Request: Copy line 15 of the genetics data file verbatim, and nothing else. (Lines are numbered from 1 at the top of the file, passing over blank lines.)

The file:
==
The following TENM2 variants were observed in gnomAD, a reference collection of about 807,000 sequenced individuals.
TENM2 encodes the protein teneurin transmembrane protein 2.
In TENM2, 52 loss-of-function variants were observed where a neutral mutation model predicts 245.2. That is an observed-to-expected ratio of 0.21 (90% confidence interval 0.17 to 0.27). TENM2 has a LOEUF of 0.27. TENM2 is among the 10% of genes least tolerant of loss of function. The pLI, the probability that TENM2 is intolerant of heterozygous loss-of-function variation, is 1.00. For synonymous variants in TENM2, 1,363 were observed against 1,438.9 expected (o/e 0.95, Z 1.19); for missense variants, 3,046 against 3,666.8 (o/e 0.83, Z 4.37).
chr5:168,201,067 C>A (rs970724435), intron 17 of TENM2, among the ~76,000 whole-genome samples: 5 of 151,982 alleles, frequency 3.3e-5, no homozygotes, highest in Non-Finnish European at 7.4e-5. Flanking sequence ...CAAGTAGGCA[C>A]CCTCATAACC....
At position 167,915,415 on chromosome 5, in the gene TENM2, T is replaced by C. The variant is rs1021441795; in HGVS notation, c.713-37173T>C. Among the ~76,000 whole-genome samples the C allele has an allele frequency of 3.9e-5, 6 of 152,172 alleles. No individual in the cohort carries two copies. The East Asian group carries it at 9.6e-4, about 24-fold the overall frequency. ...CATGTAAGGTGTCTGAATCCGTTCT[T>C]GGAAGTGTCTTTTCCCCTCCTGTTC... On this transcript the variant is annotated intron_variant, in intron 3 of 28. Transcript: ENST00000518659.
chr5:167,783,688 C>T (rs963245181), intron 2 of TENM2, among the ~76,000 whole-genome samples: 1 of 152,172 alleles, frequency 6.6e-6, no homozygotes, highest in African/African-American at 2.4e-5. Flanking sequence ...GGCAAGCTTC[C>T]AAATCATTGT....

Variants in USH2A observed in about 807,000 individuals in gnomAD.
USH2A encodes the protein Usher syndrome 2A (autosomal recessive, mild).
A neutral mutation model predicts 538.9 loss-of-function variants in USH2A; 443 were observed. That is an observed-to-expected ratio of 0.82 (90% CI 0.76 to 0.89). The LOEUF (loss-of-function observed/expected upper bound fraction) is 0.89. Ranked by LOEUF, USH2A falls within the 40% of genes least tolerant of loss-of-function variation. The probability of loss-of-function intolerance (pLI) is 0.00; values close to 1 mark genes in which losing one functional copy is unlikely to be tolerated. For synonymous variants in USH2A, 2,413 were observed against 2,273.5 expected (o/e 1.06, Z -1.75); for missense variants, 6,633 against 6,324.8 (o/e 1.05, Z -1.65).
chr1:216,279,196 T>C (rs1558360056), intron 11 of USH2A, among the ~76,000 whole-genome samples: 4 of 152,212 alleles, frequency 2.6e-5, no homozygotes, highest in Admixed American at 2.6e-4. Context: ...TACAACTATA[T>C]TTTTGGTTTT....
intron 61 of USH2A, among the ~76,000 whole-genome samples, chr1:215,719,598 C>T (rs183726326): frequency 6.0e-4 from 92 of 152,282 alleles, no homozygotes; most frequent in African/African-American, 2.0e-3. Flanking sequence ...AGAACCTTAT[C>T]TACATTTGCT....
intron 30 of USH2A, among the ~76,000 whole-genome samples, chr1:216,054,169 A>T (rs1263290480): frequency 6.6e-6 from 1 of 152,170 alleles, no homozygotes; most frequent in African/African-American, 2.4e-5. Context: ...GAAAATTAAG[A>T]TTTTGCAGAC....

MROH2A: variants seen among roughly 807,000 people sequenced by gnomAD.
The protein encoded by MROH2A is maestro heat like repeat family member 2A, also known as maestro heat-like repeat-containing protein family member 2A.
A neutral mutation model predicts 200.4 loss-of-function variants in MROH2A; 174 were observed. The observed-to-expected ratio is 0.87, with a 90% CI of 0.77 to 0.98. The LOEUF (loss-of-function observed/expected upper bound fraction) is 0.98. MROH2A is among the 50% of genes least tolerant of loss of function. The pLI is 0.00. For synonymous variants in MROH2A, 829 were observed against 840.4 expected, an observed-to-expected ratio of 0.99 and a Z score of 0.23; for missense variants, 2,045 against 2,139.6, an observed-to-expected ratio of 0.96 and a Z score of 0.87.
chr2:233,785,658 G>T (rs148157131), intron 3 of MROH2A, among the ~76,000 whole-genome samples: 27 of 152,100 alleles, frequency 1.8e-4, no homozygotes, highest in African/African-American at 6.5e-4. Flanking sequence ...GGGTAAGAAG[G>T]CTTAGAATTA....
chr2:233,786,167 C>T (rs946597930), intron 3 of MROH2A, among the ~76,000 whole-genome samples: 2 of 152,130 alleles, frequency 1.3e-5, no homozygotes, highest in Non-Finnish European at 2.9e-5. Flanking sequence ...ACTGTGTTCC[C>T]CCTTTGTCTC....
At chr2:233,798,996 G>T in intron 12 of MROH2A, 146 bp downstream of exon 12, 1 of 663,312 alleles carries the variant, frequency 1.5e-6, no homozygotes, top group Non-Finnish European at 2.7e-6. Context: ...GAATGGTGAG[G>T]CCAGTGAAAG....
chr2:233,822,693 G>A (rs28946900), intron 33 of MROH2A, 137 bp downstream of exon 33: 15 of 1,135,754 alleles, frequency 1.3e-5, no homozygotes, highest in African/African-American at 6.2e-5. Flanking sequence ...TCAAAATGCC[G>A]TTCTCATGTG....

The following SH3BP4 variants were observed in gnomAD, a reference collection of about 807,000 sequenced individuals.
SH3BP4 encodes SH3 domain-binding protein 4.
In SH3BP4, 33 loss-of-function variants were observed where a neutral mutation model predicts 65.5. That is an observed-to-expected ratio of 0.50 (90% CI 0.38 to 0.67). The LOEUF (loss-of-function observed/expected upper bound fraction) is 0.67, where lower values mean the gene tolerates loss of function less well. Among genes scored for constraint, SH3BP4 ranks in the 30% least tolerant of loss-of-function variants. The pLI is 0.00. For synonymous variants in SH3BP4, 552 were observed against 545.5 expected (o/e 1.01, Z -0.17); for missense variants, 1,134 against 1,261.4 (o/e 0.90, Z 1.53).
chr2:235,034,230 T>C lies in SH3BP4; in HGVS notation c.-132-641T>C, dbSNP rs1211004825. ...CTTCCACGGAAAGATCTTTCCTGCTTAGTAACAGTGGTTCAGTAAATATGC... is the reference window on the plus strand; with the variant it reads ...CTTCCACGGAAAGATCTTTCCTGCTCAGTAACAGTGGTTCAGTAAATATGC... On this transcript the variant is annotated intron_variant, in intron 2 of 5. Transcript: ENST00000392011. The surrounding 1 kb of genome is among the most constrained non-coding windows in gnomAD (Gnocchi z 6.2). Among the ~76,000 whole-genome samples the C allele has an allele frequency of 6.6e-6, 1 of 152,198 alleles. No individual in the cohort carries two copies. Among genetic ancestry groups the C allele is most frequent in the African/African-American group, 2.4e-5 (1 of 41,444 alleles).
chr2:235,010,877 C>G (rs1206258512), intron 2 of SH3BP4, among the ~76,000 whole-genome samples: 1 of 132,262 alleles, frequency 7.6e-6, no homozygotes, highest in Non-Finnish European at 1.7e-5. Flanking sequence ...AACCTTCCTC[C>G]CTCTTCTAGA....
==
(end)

A neutral mutation model predicts 200.4 loss-of-function variants in MROH2A; 174 were observed. The observed-to-expected ratio is 0.87, with a 90% CI of 0.77 to 0.98. The LOEUF (loss-of-function observed/expected upper bound fraction) is 0.98. MROH2A is among the 50% of genes least tolerant of loss of function. The pLI is 0.00. For synonymous variants in MROH2A, 829 were observed against 840.4 expected, an observed-to-expected ratio of 0.99 and a Z score of 0.23; for missense variants, 2,045 against 2,139.6, an observed-to-expected ratio of 0.96 and a Z score of 0.87.